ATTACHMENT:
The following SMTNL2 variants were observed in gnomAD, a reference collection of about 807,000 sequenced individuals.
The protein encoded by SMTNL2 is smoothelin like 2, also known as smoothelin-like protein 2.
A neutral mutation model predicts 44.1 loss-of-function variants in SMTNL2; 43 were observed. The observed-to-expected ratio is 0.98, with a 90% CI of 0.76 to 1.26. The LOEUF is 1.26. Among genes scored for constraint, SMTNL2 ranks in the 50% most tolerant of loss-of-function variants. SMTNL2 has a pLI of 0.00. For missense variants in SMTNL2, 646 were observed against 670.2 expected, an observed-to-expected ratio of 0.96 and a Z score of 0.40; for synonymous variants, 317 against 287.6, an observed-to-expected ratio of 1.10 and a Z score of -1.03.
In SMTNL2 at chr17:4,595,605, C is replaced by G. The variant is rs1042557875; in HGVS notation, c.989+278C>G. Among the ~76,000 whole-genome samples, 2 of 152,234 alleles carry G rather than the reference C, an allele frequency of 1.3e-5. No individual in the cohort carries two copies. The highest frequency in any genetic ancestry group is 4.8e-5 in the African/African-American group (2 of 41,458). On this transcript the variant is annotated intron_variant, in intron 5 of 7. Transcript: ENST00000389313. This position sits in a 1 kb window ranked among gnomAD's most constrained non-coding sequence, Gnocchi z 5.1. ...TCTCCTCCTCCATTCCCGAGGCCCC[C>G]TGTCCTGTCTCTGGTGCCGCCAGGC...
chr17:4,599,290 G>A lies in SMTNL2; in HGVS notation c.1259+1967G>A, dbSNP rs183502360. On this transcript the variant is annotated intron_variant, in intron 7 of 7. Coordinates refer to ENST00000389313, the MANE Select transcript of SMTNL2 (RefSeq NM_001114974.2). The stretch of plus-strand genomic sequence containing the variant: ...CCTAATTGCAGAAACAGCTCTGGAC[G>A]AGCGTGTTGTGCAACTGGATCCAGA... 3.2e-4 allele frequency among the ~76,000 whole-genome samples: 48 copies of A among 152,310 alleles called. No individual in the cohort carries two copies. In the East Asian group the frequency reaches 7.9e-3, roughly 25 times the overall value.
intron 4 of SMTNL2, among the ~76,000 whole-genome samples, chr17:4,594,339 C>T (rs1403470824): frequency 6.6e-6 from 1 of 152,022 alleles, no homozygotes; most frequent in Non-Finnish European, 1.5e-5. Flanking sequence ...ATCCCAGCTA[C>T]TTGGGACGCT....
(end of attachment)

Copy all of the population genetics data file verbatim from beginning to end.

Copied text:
The following SMTNL2 variants were observed in gnomAD, a reference collection of about 807,000 sequenced individuals.
The protein encoded by SMTNL2 is smoothelin like 2, also known as smoothelin-like protein 2.
A neutral mutation model predicts 44.1 loss-of-function variants in SMTNL2; 43 were observed. The observed-to-expected ratio is 0.98, with a 90% CI of 0.76 to 1.26. The LOEUF is 1.26. Among genes scored for constraint, SMTNL2 ranks in the 50% most tolerant of loss-of-function variants. SMTNL2 has a pLI of 0.00. For missense variants in SMTNL2, 646 were observed against 670.2 expected, an observed-to-expected ratio of 0.96 and a Z score of 0.40; for synonymous variants, 317 against 287.6, an observed-to-expected ratio of 1.10 and a Z score of -1.03.
In SMTNL2 at chr17:4,595,605, C is replaced by G. The variant is rs1042557875; in HGVS notation, c.989+278C>G. Among the ~76,000 whole-genome samples, 2 of 152,234 alleles carry G rather than the reference C, an allele frequency of 1.3e-5. No individual in the cohort carries two copies. The highest frequency in any genetic ancestry group is 4.8e-5 in the African/African-American group (2 of 41,458). On this transcript the variant is annotated intron_variant, in intron 5 of 7. Transcript: ENST00000389313. This position sits in a 1 kb window ranked among gnomAD's most constrained non-coding sequence, Gnocchi z 5.1. ...TCTCCTCCTCCATTCCCGAGGCCCC[C>G]TGTCCTGTCTCTGGTGCCGCCAGGC...
chr17:4,599,290 G>A lies in SMTNL2; in HGVS notation c.1259+1967G>A, dbSNP rs183502360. On this transcript the variant is annotated intron_variant, in intron 7 of 7. Coordinates refer to ENST00000389313, the MANE Select transcript of SMTNL2 (RefSeq NM_001114974.2). The stretch of plus-strand genomic sequence containing the variant: ...CCTAATTGCAGAAACAGCTCTGGAC[G>A]AGCGTGTTGTGCAACTGGATCCAGA... 3.2e-4 allele frequency among the ~76,000 whole-genome samples: 48 copies of A among 152,310 alleles called. No individual in the cohort carries two copies. In the East Asian group the frequency reaches 7.9e-3, roughly 25 times the overall value.
intron 4 of SMTNL2, among the ~76,000 whole-genome samples, chr17:4,594,339 C>T (rs1403470824): frequency 6.6e-6 from 1 of 152,022 alleles, no homozygotes; most frequent in Non-Finnish European, 1.5e-5. Flanking sequence ...ATCCCAGCTA[C>T]TTGGGACGCT....